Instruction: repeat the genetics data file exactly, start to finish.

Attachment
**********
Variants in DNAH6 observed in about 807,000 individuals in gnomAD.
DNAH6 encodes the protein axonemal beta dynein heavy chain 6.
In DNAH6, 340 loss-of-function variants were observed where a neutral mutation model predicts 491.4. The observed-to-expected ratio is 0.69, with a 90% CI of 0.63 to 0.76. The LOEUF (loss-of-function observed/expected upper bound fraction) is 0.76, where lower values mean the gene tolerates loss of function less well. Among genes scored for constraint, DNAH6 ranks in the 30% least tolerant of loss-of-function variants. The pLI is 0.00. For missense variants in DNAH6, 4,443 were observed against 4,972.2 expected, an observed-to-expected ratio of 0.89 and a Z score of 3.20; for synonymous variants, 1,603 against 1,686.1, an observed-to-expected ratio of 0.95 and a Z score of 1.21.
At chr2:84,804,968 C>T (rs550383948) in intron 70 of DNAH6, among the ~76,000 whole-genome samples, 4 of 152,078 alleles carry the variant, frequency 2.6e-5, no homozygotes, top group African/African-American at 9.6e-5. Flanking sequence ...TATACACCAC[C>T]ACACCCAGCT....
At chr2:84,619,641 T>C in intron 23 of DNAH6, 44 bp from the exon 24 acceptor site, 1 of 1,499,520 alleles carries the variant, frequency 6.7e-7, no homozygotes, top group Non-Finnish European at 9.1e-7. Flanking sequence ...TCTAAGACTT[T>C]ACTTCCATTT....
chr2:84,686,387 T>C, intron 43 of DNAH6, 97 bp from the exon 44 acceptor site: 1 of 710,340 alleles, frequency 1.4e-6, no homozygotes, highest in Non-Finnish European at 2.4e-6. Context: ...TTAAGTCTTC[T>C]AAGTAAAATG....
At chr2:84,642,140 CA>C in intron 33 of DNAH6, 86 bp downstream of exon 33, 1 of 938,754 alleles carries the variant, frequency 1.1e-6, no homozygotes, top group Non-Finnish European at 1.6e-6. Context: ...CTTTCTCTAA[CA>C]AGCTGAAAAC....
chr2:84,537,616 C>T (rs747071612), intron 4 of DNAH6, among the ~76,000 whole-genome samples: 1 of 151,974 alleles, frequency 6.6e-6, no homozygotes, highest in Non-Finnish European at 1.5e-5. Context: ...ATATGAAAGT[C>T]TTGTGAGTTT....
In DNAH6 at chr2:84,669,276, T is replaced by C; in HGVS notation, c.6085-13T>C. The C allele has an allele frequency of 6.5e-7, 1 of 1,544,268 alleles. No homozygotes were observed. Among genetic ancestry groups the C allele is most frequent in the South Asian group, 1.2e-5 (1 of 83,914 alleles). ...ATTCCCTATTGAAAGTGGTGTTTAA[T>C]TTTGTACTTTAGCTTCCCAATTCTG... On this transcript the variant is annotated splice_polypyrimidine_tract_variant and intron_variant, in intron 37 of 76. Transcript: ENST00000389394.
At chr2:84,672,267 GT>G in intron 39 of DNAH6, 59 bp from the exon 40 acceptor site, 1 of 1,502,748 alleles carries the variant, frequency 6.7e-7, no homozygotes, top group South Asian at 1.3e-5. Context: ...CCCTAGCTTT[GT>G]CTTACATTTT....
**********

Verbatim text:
Variants in DNAH6 observed in about 807,000 individuals in gnomAD.
DNAH6 encodes the protein axonemal beta dynein heavy chain 6.
In DNAH6, 340 loss-of-function variants were observed where a neutral mutation model predicts 491.4. The observed-to-expected ratio is 0.69, with a 90% CI of 0.63 to 0.76. The LOEUF (loss-of-function observed/expected upper bound fraction) is 0.76, where lower values mean the gene tolerates loss of function less well. Among genes scored for constraint, DNAH6 ranks in the 30% least tolerant of loss-of-function variants. The pLI is 0.00. For missense variants in DNAH6, 4,443 were observed against 4,972.2 expected, an observed-to-expected ratio of 0.89 and a Z score of 3.20; for synonymous variants, 1,603 against 1,686.1, an observed-to-expected ratio of 0.95 and a Z score of 1.21.
At chr2:84,804,968 C>T (rs550383948) in intron 70 of DNAH6, among the ~76,000 whole-genome samples, 4 of 152,078 alleles carry the variant, frequency 2.6e-5, no homozygotes, top group African/African-American at 9.6e-5. Flanking sequence ...TATACACCAC[C>T]ACACCCAGCT....
At chr2:84,619,641 T>C in intron 23 of DNAH6, 44 bp from the exon 24 acceptor site, 1 of 1,499,520 alleles carries the variant, frequency 6.7e-7, no homozygotes, top group Non-Finnish European at 9.1e-7. Flanking sequence ...TCTAAGACTT[T>C]ACTTCCATTT....
chr2:84,686,387 T>C, intron 43 of DNAH6, 97 bp from the exon 44 acceptor site: 1 of 710,340 alleles, frequency 1.4e-6, no homozygotes, highest in Non-Finnish European at 2.4e-6. Context: ...TTAAGTCTTC[T>C]AAGTAAAATG....
At chr2:84,642,140 CA>C in intron 33 of DNAH6, 86 bp downstream of exon 33, 1 of 938,754 alleles carries the variant, frequency 1.1e-6, no homozygotes, top group Non-Finnish European at 1.6e-6. Context: ...CTTTCTCTAA[CA>C]AGCTGAAAAC....
chr2:84,537,616 C>T (rs747071612), intron 4 of DNAH6, among the ~76,000 whole-genome samples: 1 of 151,974 alleles, frequency 6.6e-6, no homozygotes, highest in Non-Finnish European at 1.5e-5. Context: ...ATATGAAAGT[C>T]TTGTGAGTTT....
In DNAH6 at chr2:84,669,276, T is replaced by C; in HGVS notation, c.6085-13T>C. The C allele has an allele frequency of 6.5e-7, 1 of 1,544,268 alleles. No homozygotes were observed. Among genetic ancestry groups the C allele is most frequent in the South Asian group, 1.2e-5 (1 of 83,914 alleles). ...ATTCCCTATTGAAAGTGGTGTTTAA[T>C]TTTGTACTTTAGCTTCCCAATTCTG... On this transcript the variant is annotated splice_polypyrimidine_tract_variant and intron_variant, in intron 37 of 76. Transcript: ENST00000389394.
At chr2:84,672,267 GT>G in intron 39 of DNAH6, 59 bp from the exon 40 acceptor site, 1 of 1,502,748 alleles carries the variant, frequency 6.7e-7, no homozygotes, top group South Asian at 1.3e-5. Context: ...CCCTAGCTTT[GT>G]CTTACATTTT....